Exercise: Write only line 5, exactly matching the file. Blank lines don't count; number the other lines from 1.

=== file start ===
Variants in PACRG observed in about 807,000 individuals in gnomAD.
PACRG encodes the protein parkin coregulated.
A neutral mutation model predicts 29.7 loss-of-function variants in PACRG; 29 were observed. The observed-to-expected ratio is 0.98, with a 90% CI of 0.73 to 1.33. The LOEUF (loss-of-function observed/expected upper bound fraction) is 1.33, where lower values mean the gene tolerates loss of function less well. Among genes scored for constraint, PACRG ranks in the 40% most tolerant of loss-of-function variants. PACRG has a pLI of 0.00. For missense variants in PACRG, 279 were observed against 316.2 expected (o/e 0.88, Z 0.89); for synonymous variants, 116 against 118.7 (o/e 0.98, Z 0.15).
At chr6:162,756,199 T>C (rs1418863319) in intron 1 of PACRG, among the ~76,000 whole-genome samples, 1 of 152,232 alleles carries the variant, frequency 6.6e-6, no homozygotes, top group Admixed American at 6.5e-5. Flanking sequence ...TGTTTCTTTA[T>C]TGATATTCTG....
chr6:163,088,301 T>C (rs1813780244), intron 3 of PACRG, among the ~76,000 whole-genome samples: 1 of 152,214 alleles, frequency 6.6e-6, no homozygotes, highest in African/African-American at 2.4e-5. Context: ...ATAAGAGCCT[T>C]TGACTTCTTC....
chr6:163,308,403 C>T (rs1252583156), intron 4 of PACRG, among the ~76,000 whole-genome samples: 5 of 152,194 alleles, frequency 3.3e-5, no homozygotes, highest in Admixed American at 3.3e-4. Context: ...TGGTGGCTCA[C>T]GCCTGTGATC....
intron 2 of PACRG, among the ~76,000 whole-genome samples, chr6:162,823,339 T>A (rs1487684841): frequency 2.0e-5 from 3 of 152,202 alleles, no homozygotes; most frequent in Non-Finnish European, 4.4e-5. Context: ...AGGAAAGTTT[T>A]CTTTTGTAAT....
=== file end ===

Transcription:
chr6:163,088,301 T>C (rs1813780244), intron 3 of PACRG, among the ~76,000 whole-genome samples: 1 of 152,214 alleles, frequency 6.6e-6, no homozygotes, highest in African/African-American at 2.4e-5. Context: ...ATAAGAGCCT[T>C]TGACTTCTTC....